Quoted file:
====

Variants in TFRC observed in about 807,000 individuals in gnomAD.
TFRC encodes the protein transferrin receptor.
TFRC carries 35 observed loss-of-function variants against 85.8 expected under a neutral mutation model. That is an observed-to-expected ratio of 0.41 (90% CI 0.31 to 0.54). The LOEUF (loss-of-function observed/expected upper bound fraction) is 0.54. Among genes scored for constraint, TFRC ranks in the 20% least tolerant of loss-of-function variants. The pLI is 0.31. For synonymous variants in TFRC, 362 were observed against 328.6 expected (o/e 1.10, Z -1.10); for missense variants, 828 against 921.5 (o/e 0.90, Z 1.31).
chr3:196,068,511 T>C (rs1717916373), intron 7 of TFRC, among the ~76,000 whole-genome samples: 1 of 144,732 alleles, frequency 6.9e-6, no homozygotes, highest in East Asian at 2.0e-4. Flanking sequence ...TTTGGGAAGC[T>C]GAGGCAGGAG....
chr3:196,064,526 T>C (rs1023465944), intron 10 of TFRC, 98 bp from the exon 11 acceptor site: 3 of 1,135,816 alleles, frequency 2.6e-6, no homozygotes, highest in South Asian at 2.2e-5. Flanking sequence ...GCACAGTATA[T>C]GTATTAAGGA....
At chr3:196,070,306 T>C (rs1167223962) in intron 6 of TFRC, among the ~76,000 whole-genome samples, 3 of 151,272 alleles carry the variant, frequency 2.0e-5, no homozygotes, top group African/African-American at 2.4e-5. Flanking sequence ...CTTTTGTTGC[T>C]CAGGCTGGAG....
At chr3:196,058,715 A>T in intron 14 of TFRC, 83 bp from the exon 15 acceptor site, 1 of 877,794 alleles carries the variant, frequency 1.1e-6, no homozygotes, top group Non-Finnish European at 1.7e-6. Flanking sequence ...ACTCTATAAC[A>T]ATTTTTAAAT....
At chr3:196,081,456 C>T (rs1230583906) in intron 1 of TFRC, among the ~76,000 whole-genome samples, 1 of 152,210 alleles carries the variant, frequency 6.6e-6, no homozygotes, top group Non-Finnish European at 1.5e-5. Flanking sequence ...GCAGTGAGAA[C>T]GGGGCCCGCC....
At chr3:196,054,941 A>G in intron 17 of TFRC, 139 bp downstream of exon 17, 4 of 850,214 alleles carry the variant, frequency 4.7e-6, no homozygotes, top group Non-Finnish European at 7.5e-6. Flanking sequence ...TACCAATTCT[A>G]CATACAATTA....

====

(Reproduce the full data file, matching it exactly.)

Variants in TFRC observed in about 807,000 individuals in gnomAD.
TFRC encodes the protein transferrin receptor.
TFRC carries 35 observed loss-of-function variants against 85.8 expected under a neutral mutation model. That is an observed-to-expected ratio of 0.41 (90% CI 0.31 to 0.54). The LOEUF (loss-of-function observed/expected upper bound fraction) is 0.54. Among genes scored for constraint, TFRC ranks in the 20% least tolerant of loss-of-function variants. The pLI is 0.31. For synonymous variants in TFRC, 362 were observed against 328.6 expected (o/e 1.10, Z -1.10); for missense variants, 828 against 921.5 (o/e 0.90, Z 1.31).
chr3:196,068,511 T>C (rs1717916373), intron 7 of TFRC, among the ~76,000 whole-genome samples: 1 of 144,732 alleles, frequency 6.9e-6, no homozygotes, highest in East Asian at 2.0e-4. Flanking sequence ...TTTGGGAAGC[T>C]GAGGCAGGAG....
chr3:196,064,526 T>C (rs1023465944), intron 10 of TFRC, 98 bp from the exon 11 acceptor site: 3 of 1,135,816 alleles, frequency 2.6e-6, no homozygotes, highest in South Asian at 2.2e-5. Flanking sequence ...GCACAGTATA[T>C]GTATTAAGGA....
At chr3:196,070,306 T>C (rs1167223962) in intron 6 of TFRC, among the ~76,000 whole-genome samples, 3 of 151,272 alleles carry the variant, frequency 2.0e-5, no homozygotes, top group African/African-American at 2.4e-5. Flanking sequence ...CTTTTGTTGC[T>C]CAGGCTGGAG....
At chr3:196,058,715 A>T in intron 14 of TFRC, 83 bp from the exon 15 acceptor site, 1 of 877,794 alleles carries the variant, frequency 1.1e-6, no homozygotes, top group Non-Finnish European at 1.7e-6. Flanking sequence ...ACTCTATAAC[A>T]ATTTTTAAAT....
At chr3:196,081,456 C>T (rs1230583906) in intron 1 of TFRC, among the ~76,000 whole-genome samples, 1 of 152,210 alleles carries the variant, frequency 6.6e-6, no homozygotes, top group Non-Finnish European at 1.5e-5. Flanking sequence ...GCAGTGAGAA[C>T]GGGGCCCGCC....
At chr3:196,054,941 A>G in intron 17 of TFRC, 139 bp downstream of exon 17, 4 of 850,214 alleles carry the variant, frequency 4.7e-6, no homozygotes, top group Non-Finnish European at 7.5e-6. Flanking sequence ...TACCAATTCT[A>G]CATACAATTA....